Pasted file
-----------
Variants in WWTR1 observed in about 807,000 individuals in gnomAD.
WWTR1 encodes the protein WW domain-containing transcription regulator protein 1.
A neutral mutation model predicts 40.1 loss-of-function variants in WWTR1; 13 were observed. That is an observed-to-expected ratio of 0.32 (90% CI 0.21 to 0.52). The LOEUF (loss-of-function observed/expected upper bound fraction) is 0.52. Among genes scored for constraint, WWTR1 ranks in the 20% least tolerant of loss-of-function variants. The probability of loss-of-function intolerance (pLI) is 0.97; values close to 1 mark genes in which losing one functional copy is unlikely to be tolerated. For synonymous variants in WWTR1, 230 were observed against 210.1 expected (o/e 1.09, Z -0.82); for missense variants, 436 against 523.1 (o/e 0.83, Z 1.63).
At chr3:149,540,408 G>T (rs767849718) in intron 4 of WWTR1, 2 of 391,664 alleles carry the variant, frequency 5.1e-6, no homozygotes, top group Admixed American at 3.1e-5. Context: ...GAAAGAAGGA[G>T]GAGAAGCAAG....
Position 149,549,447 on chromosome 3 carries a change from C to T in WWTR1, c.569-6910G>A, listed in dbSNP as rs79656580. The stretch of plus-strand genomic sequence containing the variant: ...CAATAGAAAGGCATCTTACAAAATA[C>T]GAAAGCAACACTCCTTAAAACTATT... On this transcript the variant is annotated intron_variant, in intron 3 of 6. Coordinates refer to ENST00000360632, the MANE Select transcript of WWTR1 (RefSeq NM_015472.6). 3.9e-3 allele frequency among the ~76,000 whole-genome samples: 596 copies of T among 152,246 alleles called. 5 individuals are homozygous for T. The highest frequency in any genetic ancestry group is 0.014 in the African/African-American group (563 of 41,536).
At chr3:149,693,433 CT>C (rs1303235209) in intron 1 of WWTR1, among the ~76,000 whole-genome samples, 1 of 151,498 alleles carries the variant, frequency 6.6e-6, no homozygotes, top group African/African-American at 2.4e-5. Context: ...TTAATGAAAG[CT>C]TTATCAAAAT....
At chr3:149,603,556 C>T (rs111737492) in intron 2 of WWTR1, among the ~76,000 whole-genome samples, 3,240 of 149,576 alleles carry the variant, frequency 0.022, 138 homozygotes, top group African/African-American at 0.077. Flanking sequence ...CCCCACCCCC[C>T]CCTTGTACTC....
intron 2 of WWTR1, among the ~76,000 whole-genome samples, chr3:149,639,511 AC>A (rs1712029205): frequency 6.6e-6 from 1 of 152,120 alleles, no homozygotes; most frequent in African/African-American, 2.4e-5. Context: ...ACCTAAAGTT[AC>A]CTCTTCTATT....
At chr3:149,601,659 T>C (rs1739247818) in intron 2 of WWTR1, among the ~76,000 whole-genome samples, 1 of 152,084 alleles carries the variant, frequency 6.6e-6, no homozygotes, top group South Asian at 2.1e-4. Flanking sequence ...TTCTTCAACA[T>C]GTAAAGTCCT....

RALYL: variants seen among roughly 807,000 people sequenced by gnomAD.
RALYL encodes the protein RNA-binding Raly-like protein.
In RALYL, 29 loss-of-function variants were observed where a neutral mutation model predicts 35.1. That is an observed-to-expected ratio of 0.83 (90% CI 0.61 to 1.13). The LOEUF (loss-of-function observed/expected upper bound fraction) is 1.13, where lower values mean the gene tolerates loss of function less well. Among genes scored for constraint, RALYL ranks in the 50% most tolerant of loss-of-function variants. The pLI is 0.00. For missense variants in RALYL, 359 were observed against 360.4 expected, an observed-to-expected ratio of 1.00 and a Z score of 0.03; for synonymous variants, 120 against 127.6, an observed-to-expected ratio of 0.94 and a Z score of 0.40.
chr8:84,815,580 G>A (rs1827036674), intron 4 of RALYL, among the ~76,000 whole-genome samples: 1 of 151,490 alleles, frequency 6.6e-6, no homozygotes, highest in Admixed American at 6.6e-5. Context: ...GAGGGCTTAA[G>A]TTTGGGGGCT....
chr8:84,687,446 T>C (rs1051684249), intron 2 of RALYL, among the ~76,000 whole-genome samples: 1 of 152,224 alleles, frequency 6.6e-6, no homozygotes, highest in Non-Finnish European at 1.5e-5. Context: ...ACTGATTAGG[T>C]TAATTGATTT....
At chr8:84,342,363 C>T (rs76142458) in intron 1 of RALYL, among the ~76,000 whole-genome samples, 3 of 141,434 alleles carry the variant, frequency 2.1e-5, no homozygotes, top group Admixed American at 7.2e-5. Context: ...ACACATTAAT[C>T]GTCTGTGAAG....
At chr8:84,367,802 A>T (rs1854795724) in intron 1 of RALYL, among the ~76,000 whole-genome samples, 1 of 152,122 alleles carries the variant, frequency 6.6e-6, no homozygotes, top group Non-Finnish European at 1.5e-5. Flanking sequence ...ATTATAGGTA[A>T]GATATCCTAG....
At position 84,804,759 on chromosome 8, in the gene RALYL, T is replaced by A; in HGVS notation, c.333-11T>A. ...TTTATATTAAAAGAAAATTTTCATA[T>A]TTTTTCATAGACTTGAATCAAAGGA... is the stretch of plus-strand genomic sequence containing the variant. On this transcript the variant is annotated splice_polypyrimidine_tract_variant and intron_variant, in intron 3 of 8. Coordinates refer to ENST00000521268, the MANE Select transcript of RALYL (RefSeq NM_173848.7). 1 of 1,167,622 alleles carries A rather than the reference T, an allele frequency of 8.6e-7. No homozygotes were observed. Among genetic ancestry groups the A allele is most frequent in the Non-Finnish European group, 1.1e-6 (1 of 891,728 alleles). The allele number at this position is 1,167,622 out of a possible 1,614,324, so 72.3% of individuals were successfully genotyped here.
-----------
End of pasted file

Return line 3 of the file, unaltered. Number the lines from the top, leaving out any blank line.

A neutral mutation model predicts 40.1 loss-of-function variants in WWTR1; 13 were observed. That is an observed-to-expected ratio of 0.32 (90% CI 0.21 to 0.52). The LOEUF (loss-of-function observed/expected upper bound fraction) is 0.52. Among genes scored for constraint, WWTR1 ranks in the 20% least tolerant of loss-of-function variants. The probability of loss-of-function intolerance (pLI) is 0.97; values close to 1 mark genes in which losing one functional copy is unlikely to be tolerated. For synonymous variants in WWTR1, 230 were observed against 210.1 expected (o/e 1.09, Z -0.82); for missense variants, 436 against 523.1 (o/e 0.83, Z 1.63).